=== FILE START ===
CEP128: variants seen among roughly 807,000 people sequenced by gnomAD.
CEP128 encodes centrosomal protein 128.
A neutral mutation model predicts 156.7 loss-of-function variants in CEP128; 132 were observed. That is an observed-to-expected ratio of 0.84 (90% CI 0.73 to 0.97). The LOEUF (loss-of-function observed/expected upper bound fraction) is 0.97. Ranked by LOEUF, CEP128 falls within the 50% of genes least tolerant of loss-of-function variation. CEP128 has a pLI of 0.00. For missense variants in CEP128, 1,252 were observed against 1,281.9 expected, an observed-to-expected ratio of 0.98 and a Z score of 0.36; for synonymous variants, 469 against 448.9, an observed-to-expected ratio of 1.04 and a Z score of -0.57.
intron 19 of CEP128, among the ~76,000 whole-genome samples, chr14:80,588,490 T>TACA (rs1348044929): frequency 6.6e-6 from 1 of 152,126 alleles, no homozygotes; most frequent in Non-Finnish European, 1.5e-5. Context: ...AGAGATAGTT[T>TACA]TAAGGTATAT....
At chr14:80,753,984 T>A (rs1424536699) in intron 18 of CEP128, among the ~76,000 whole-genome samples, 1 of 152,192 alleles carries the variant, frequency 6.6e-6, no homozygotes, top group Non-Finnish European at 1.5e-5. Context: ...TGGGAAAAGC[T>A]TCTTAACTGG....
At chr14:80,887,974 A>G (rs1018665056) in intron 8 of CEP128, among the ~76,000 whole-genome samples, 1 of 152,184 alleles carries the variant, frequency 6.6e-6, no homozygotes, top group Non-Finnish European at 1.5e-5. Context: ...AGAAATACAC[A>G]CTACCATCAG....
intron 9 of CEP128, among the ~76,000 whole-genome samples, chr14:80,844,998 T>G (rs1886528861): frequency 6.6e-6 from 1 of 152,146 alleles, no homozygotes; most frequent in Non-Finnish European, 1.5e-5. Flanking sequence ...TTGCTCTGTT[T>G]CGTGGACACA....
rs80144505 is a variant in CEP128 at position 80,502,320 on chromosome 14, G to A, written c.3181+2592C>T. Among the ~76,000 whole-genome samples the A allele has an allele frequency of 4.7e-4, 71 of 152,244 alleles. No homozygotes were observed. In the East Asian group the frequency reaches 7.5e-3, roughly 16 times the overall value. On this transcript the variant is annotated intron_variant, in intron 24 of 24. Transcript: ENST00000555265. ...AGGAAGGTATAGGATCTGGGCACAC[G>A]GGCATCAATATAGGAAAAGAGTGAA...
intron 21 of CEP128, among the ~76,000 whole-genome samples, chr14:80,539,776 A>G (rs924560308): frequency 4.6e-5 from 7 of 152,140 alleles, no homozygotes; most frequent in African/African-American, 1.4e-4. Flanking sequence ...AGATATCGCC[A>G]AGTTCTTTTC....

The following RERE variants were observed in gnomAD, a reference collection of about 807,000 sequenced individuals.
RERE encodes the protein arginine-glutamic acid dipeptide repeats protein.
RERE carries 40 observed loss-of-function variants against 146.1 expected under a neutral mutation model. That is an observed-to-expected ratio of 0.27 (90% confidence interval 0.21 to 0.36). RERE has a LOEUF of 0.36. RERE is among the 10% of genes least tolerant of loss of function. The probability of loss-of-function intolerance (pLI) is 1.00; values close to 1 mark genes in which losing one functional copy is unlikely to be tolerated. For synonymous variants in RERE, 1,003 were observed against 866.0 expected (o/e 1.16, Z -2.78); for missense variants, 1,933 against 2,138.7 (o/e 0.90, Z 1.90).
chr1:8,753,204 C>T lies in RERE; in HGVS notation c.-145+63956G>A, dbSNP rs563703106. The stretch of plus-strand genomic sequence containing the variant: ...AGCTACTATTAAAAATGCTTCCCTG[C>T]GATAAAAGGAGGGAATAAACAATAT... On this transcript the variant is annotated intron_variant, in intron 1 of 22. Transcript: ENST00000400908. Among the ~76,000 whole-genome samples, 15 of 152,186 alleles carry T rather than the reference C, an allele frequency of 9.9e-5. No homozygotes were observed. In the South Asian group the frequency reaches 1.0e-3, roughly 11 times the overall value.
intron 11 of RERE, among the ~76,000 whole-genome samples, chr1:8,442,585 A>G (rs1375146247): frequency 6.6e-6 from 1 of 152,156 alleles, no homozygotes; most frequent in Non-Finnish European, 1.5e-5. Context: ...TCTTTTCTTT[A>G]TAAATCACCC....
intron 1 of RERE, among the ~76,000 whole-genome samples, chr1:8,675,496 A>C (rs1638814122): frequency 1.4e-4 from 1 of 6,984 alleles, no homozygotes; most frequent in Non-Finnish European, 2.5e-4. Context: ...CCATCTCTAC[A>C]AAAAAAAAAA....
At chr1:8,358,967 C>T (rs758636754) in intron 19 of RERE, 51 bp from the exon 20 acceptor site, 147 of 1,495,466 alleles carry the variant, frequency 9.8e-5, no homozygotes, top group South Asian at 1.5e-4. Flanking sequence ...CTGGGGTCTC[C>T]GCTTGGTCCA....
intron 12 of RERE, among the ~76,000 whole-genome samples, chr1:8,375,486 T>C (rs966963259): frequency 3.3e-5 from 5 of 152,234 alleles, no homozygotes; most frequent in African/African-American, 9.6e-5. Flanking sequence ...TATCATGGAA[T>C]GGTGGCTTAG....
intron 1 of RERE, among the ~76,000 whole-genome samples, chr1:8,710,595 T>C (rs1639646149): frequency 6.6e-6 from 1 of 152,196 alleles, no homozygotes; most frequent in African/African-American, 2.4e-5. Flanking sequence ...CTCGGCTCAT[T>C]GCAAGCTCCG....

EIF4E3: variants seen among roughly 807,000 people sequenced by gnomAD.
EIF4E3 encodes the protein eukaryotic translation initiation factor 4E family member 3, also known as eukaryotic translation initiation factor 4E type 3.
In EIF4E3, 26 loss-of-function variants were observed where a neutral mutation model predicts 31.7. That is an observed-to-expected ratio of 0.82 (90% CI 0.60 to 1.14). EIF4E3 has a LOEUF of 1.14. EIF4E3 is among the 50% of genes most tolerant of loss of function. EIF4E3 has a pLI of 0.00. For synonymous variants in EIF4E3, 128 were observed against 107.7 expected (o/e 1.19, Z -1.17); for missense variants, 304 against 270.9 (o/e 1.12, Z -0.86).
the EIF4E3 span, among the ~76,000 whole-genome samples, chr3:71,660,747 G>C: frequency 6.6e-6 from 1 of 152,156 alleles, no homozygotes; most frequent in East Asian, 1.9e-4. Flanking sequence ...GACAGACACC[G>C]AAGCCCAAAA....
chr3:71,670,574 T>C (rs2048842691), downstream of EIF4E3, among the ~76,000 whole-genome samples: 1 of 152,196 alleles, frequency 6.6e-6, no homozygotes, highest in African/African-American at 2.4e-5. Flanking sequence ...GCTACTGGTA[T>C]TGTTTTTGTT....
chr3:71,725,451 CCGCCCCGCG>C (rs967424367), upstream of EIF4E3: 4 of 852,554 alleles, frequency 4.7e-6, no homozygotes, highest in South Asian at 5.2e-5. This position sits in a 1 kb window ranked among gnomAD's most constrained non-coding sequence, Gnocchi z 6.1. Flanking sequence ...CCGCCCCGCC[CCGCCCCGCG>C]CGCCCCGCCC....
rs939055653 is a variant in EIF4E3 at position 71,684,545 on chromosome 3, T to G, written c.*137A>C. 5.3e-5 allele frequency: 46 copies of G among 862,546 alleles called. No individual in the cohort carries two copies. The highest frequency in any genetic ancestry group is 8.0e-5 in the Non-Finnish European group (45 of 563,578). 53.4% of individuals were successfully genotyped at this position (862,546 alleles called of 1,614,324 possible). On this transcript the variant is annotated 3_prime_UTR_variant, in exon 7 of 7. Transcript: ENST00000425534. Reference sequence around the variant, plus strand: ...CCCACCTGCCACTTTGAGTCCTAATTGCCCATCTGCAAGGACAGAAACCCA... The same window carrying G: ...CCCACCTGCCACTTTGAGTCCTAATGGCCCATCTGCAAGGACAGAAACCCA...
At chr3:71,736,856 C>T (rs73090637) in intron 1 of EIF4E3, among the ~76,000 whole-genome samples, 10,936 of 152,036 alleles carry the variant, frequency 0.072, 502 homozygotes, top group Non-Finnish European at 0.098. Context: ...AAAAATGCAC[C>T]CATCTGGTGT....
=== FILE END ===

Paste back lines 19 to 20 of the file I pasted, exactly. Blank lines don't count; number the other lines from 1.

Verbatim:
EIF4E3: variants seen among roughly 807,000 people sequenced by gnomAD.
EIF4E3 encodes the protein eukaryotic translation initiation factor 4E family member 3, also known as eukaryotic translation initiation factor 4E type 3.